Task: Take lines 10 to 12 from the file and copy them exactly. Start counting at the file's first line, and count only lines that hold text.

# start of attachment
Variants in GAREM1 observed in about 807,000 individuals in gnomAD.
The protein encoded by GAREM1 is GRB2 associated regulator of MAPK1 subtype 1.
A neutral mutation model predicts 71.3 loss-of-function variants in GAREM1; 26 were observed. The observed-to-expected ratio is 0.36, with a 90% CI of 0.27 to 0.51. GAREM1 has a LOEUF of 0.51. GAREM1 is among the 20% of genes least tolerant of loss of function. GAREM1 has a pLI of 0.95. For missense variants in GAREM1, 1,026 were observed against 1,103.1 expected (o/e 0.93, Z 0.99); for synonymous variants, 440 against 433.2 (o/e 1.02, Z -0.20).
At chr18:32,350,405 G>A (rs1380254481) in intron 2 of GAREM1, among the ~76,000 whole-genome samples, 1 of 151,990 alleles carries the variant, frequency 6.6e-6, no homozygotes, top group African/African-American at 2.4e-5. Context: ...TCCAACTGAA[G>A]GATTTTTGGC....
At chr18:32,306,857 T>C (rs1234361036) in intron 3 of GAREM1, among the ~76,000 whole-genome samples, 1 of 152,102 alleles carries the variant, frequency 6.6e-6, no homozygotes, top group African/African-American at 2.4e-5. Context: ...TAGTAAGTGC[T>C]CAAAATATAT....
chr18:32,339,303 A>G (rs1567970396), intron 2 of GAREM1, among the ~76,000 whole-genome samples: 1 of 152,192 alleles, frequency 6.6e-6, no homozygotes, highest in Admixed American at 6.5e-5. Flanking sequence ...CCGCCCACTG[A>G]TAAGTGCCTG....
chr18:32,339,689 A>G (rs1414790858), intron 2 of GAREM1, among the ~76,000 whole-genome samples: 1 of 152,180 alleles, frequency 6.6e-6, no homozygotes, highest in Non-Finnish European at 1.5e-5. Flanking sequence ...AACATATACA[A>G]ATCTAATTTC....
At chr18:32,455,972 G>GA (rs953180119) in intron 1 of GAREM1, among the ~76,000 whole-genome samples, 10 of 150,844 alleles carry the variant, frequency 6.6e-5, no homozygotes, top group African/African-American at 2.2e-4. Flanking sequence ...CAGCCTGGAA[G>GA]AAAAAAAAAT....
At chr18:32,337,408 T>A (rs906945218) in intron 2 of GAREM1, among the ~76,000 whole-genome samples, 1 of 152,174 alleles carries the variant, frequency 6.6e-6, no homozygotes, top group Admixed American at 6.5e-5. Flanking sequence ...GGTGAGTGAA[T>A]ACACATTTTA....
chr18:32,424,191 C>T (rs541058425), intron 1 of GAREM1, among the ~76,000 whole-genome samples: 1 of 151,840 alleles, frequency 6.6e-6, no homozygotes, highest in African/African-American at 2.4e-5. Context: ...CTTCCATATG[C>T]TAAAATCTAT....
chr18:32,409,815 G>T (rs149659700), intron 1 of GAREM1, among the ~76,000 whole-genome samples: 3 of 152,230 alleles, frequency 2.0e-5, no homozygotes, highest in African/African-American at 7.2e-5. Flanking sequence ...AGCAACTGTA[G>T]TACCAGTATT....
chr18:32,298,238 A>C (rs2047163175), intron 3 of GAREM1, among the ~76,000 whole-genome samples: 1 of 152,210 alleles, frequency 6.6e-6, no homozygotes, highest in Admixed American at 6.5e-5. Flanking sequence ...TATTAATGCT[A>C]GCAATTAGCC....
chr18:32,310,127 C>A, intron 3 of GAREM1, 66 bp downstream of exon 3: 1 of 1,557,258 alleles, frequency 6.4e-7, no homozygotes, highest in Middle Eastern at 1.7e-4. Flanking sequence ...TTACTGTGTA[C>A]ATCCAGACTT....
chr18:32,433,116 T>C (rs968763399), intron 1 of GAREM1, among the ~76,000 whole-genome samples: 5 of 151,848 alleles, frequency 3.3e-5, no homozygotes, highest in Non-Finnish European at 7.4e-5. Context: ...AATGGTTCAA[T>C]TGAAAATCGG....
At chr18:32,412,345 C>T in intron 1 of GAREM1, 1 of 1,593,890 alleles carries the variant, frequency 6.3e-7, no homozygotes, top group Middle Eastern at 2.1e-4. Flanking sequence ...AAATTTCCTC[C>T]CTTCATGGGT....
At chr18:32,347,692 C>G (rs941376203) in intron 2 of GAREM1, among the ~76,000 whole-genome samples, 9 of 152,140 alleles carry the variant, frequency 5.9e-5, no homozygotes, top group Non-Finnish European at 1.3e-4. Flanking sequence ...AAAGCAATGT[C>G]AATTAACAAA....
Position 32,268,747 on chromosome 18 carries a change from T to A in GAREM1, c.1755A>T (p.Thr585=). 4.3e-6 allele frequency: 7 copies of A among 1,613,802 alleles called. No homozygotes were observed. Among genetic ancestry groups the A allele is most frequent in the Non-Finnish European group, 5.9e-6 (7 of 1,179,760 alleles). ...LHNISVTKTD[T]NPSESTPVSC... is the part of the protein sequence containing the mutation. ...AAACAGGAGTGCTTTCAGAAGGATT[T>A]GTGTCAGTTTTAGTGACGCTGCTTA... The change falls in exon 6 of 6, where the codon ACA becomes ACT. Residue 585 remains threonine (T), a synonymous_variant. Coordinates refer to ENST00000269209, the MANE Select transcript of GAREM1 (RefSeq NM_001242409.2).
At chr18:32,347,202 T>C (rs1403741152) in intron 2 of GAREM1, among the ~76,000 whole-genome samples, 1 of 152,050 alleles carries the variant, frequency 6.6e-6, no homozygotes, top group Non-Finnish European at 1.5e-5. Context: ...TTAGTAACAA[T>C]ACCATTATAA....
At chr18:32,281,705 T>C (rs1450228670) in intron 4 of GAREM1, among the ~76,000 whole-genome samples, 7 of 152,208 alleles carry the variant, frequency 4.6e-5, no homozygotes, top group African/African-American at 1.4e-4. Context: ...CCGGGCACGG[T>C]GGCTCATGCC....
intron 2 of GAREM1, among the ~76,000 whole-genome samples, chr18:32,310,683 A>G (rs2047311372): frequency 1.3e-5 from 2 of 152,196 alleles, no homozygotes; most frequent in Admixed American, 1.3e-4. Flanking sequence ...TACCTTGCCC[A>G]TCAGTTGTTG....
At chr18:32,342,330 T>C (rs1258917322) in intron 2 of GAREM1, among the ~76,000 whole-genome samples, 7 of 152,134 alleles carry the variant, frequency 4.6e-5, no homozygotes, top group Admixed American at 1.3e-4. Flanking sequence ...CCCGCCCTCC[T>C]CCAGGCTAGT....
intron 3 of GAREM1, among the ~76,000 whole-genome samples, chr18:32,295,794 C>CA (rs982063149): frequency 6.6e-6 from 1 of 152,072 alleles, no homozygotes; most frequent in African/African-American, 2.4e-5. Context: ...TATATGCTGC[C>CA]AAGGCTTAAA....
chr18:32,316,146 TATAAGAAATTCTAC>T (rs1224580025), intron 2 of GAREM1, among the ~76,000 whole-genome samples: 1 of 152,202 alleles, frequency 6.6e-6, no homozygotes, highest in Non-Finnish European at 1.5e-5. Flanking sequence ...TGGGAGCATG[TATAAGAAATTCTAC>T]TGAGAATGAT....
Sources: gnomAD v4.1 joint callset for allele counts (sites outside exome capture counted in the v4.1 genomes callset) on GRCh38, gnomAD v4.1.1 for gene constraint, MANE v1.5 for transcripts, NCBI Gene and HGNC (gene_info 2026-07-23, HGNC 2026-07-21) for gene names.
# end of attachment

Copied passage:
chr18:32,424,191 C>T (rs541058425), intron 1 of GAREM1, among the ~76,000 whole-genome samples: 1 of 151,840 alleles, frequency 6.6e-6, no homozygotes, highest in African/African-American at 2.4e-5. Context: ...CTTCCATATG[C>T]TAAAATCTAT....
chr18:32,409,815 G>T (rs149659700), intron 1 of GAREM1, among the ~76,000 whole-genome samples: 3 of 152,230 alleles, frequency 2.0e-5, no homozygotes, highest in African/African-American at 7.2e-5. Flanking sequence ...AGCAACTGTA[G>T]TACCAGTATT....
chr18:32,298,238 A>C (rs2047163175), intron 3 of GAREM1, among the ~76,000 whole-genome samples: 1 of 152,210 alleles, frequency 6.6e-6, no homozygotes, highest in Admixed American at 6.5e-5. Flanking sequence ...TATTAATGCT[A>C]GCAATTAGCC....